Hi I noticed this … thought it was very interesting…as Hans has attempted to describe…digital audio and it’s vulnerability to degredation… Why switches influence the sound quality - YouTube. On a personal note I have found better power supplies and switches made a big difference in my system…this is a very interesting account… I don’t pretend to fully understand - but I think I get it…it seems to make sense…
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I’ve not watched the vid, but certainly for AES67-based networked audio (Dante, Ravenna, QLAN etc) there’s quite a bit of setup required to ensure stability - especially in larger installations. PTP clocking and QoS needs to be set correctly, as does enabling IGMP snooping. I know of at least one PTPv2 clock from an established broadcast manufacturer that has measurable levels of jitter. I’d need to break out Wireshark to look in to the protocols in use on NAS-based file streaming from an NFS or SMB filesystem and then any incoming internet streams, but I’d be prepared to bet that correct setup of a given off-the-shelf switch is as significant as any environmental factors (RF, electromechanical or power supply noise/ripple). Essentially most of us just drop our gear on a flat home network and don’t really worry about packet loss as the data rates are low.
Watch the video when you can…I would appreciate your take on it… cheers
You mean enabling IGMP snooping of course
For those not in the know - enabling IGMP snooping removes the burden of the streamer having to process and decide whether to discard or use group addressed data. Less processing for the streamer tends to mean less interference from digital electronics and often preferable SQ.
Many so called consumer ‘audiophile’ switches use very basic switch chipsets that can’t support this sort of network optimisation and simply ubiquitously retransmit all group addresses whether they are wanted or not by the streamer - not ideal
BTW PTP doesn’t avoid jitter necessarily - it rather is a way of precise synchronisation - the accuracy of the clock and its stability will be covered by the synchronized devices themselves between the sync points and the protocol
You are right and thanks for the correction- I should put my glasses on and ensure autocorrect hasn’t done anything unpleasant. Text corrected above to avoid confusion. There is definitely a gap to fill with network setup recommendations based upon some quantifiable metrics. Not sure if the discussion belongs on this forum, but perhaps publishing the results when done might be.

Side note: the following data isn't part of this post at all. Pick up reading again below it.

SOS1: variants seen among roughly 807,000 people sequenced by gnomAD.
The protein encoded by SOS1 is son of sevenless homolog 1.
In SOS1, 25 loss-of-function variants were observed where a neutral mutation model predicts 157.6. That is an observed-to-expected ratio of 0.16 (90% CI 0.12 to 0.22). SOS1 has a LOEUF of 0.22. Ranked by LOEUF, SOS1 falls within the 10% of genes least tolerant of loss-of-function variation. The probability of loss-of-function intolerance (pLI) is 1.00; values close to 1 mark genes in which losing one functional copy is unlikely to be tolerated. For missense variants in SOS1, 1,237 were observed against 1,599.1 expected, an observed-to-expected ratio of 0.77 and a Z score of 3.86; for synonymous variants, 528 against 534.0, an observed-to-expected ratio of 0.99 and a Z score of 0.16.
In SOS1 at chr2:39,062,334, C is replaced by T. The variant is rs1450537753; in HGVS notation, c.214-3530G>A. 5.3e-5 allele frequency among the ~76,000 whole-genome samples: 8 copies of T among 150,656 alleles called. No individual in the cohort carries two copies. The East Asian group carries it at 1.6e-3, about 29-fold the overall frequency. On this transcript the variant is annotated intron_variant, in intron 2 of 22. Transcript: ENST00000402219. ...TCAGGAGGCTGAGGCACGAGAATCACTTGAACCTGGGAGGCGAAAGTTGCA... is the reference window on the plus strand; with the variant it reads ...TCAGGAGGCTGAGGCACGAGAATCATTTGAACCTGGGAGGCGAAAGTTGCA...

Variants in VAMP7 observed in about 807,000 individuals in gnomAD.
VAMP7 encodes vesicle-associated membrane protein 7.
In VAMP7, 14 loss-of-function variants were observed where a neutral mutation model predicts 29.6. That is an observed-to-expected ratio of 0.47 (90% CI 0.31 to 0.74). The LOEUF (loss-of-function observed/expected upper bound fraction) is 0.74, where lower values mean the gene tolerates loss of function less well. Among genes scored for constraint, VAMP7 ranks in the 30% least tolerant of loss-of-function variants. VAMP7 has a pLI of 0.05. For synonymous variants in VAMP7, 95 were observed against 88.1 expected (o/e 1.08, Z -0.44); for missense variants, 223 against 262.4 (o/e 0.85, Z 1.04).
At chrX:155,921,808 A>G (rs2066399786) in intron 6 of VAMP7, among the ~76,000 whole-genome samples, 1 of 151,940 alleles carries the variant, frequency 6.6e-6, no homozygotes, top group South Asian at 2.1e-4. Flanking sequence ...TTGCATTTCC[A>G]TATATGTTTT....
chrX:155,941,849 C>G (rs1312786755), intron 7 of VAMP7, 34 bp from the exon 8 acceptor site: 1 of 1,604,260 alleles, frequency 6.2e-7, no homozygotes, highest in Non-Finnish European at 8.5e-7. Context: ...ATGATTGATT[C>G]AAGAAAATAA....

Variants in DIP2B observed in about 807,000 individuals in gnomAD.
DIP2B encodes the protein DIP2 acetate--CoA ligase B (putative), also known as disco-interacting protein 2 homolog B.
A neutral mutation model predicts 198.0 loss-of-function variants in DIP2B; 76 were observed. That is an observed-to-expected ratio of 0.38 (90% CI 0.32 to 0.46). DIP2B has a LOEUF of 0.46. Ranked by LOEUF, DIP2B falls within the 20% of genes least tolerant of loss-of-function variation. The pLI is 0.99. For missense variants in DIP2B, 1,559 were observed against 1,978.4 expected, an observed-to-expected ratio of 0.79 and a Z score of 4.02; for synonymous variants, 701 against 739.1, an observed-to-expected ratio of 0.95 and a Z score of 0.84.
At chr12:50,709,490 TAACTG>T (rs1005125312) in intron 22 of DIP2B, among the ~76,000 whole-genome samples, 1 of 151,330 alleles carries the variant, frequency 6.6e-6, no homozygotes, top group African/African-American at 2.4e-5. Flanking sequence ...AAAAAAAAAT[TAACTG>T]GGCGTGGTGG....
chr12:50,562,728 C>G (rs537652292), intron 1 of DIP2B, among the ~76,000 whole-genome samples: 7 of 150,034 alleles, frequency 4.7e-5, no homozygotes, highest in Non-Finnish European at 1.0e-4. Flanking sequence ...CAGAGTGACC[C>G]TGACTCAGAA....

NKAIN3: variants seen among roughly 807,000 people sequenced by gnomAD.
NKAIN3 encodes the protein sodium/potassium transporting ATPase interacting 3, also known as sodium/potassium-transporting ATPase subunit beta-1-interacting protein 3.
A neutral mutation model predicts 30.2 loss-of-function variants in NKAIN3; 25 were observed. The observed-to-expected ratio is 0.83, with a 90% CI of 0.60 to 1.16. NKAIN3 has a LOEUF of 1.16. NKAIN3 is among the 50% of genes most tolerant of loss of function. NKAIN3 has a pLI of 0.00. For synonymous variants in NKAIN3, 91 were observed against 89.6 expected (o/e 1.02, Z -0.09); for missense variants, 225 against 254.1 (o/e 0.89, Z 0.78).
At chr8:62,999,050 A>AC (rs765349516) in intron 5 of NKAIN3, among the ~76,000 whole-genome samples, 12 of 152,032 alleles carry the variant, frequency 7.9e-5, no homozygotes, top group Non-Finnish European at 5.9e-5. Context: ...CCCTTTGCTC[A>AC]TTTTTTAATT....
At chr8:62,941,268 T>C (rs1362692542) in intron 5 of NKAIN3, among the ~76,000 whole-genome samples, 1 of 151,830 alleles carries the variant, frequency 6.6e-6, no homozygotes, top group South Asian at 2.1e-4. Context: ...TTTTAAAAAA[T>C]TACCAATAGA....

I only have an Asus modem/router feeding direct to my Melco then on to NDS. I watched the video with interest but then picked up on the point about IGMP snooping in the discussion above. Checked my router and found it was not switched on.
Up to now the difference in my system has been very noticable streamed vs locally sourced. Switching it on has closed the gap considerably so thanks Guys for the heads up!
@Simon-in-Suffolk How do I check and then enable IGMP snooping in a Cisco 2960?
It’s on by default for all its switch ports I believe … other than that you need to log on
If you type
#show ip igmp snooping detail
It will show if IGMP snooping operational on the switch and if you remove the keyword ‘detail’ it will list out the IGMP snooping state for each switch port which is otherwise configurable.
The first 16 minutes are a good description of why Naim put the DAC in the same box as the transport with focus on a clean environment in the original CDS, and why a SPDIF interface between transport and DAC was best avoided, and why Linn put a clock link between the Numerik DAC and Karik transport. From the description you can also see why an extremely quiet power supply that does not dip under load is also important - after all the representation of the waveform whether digital square-wave or analogue will be derived from the power supply - an area of focus for Naim. Jitter will always be an ongoing issue and I’m aware of at least one TV manufacturer that has a greater amount of jitter on data as it passed back via eARC requiring the AV preamplifier to accept a wider variation in the PLL - just to get it to work at all! For streamed audio there’s a little gap in the explanation as to what exactly is going on with data as it passes through a switch and it would have been useful to have seen some quantifiable measurements, but the implication is that the data is clocked in to the streamer containing potential timing errors, and that some streamers are better than others at nulling this out through dropping the data into buffer memory and then accurately reclocking out to the DAC.